Preceding the ongoing India visit of US president Barack Obama, there has been much speculation about a possible joint US-India climate announcement. With the EU, the US and China having already set emissions targets, everyone is now looking to India to follow suit.
I believe India should make its emissions target clear, tough and ambitious, with or without the US. By doing so, India would lead the way and inspire humanity at large. Obviously, having a pact with the US to tackle climate change threats could have huge economic benefits. And I trust president Obama and prime minister Narendra Modi will seize the opportunity to keep the momentum going ahead of the Paris climate conference in December.
An aspiring nation like India will naturally peak in its carbon emissions. However, the arguments for effecting peak emissions should not be based on ‘our right to pollute’ because others have done so in the past, but on sound assumptions based on enhanced energy efficiency.
Emerging economies must learn from the past mistakes of developed countries. Here lies the greatest opportunities to lead and show the way.
India is already on a clear path through a series of measures, overt and covert, to demonstrate that it means business. The high-level panel on power sector reforms, ambitious actions to tap renewables’ potential, the independent research to assess emissions trajectory, the much anticipated renewable energy act, and the upcoming investors forum on renewable energy—all point to serious and concerted efforts by the Modi government to usher a new sense of direction and purpose to cleanse India.
For an aspirational society, economic growth must be translated into equitable national growth. For this to happen, the estimated 300 million Indians earning less than a dollar a day must see the standards of their lives significantly improve. Double that number of people must move a step higher in the social and economic ladder. This calls for massive development investments—be it infrastructure, energy or facilities—so we can sustain such opportunities for all.
But here comes the dilemma. On one hand, we cannot ignore the right to development of millions. On the other, exercising such rights under a linear economic track will have a detrimental impact on the environment at large. Are those scientists, activists and environmentalists myopic when it comes to the development aspirations of millions of people? Are the professionals and optimists misplaced in their notions and claims that development can happen without doing much harm to the climate?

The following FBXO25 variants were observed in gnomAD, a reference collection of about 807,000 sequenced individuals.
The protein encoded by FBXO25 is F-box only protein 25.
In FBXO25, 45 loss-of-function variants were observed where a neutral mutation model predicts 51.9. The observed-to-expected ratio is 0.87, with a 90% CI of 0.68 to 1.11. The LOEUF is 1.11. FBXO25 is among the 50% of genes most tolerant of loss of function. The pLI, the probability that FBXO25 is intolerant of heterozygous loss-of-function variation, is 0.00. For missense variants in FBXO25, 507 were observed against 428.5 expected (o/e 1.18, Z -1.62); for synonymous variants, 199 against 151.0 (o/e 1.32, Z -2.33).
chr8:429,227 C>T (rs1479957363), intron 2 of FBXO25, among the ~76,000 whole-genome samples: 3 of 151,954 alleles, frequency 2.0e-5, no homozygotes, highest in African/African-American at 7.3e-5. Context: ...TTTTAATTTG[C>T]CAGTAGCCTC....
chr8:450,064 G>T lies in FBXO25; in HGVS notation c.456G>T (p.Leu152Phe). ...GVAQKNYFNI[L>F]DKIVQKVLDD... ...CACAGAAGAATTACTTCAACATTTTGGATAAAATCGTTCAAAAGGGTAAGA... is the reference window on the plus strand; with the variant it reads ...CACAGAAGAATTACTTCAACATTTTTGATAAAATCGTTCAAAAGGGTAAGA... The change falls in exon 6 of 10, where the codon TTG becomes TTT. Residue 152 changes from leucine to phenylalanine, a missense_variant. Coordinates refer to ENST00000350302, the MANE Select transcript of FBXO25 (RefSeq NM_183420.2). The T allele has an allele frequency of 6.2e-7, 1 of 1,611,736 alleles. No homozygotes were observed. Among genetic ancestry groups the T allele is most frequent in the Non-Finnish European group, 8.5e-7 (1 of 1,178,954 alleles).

India currently has an installed capacity to generate 254 GW of electricity. If the country continues to grow at current levels over the next six years, its electricity demand will be at least twice the current installed capacity. And if people move forward along the social and economic ladder with increasing consumption, the requirements will be even higher.
So, where will this energy come from? How can the government address the demand and supply equation while keeping risk factors minimal? Can renewables offer a dependable solution to meet the peaks and lows of demand as well as cater to spikes without pushing the economy into despair?
The renewable energy potential in India has been estimated at close to 300 GW. This means that even if India utilises 100% of its renewables potential, it will still need to find a way of meeting the huge energy gap, either by conventional fossil burning or through nuclear power.
India’s current thermal power generation plants emit 540 million tonnes of CO2 every year. This is equivalent to 820 kg of CO2 per MWh of energy produced. Compare this against a global average 550 kg of emissions by efficient thermal power plants. This means that for the same quantity of energy produced, India emits nearly 60% more toxic gases than the desired levels. While India remains one of the least carbon-intense economies with a per capita emission of one-fourth of the global average, it is one of the most carbon-inefficient economies.
A clear picture emerges here. Naturally, the issue is not about a need for generation, it is more about the technique of generation. If the current thermal power plants start producing energy at higher efficiency standards, there will be a huge drop in CO2 emissions. Investing in revamping and tidying up the existing transmission and distribution systems in India will further boost efficiency levels.
We just touched on the power sector. But if India manages to control inefficiencies in transport, infrastructure and manufacturing industries too, it will herald a new future. It is a question of cutting and polishing the edges of that rough, dust-covered diamond called India. Cost of energy inefficiency is already bleeding us and we need to plug this immediately.
While we continue to promote renewables, modernising existing power plants and making them globally competent should be accorded highest priority. That will help us the country not to depend on coal-powered electricity generation. Pushing for efficiency in productive energy at all levels should be made mandatory.
A combination of tough internal emission targets and increased investments in vulnerability reduction and adaptation will pave the way for an exciting low-carbon journey. Planned transition to a low-carbon future will boost growth, create new jobs and usher a new wave of clean-energy-centric social and economic development.
Time is ripe. Leadership is in place. Willingness is there. Demand is clear. So, let’s just do it.
By Krishnan Pallassana
The author is India director of The Climate Group, an international non-profit working with corporate and government partners to promote a prosperous, low-carbon future